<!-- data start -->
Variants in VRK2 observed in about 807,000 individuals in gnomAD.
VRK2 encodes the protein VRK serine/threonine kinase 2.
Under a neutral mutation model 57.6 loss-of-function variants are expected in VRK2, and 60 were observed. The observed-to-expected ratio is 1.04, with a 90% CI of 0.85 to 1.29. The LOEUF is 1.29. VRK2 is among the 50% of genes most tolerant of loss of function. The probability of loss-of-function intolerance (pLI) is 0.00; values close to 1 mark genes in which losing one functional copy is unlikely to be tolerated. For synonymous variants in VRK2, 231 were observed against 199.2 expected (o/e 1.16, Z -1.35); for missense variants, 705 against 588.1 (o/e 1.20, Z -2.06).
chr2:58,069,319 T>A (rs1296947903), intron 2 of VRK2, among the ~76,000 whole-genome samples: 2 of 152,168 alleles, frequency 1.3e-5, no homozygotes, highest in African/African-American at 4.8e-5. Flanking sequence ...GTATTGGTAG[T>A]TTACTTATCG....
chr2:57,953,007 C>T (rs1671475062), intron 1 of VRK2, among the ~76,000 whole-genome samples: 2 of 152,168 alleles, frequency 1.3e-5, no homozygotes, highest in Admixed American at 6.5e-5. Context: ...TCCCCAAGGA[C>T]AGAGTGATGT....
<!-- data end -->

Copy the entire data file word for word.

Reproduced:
Variants in VRK2 observed in about 807,000 individuals in gnomAD.
VRK2 encodes the protein VRK serine/threonine kinase 2.
Under a neutral mutation model 57.6 loss-of-function variants are expected in VRK2, and 60 were observed. The observed-to-expected ratio is 1.04, with a 90% CI of 0.85 to 1.29. The LOEUF is 1.29. VRK2 is among the 50% of genes most tolerant of loss of function. The probability of loss-of-function intolerance (pLI) is 0.00; values close to 1 mark genes in which losing one functional copy is unlikely to be tolerated. For synonymous variants in VRK2, 231 were observed against 199.2 expected (o/e 1.16, Z -1.35); for missense variants, 705 against 588.1 (o/e 1.20, Z -2.06).
chr2:58,069,319 T>A (rs1296947903), intron 2 of VRK2, among the ~76,000 whole-genome samples: 2 of 152,168 alleles, frequency 1.3e-5, no homozygotes, highest in African/African-American at 4.8e-5. Flanking sequence ...GTATTGGTAG[T>A]TTACTTATCG....
chr2:57,953,007 C>T (rs1671475062), intron 1 of VRK2, among the ~76,000 whole-genome samples: 2 of 152,168 alleles, frequency 1.3e-5, no homozygotes, highest in Admixed American at 6.5e-5. Context: ...TCCCCAAGGA[C>T]AGAGTGATGT....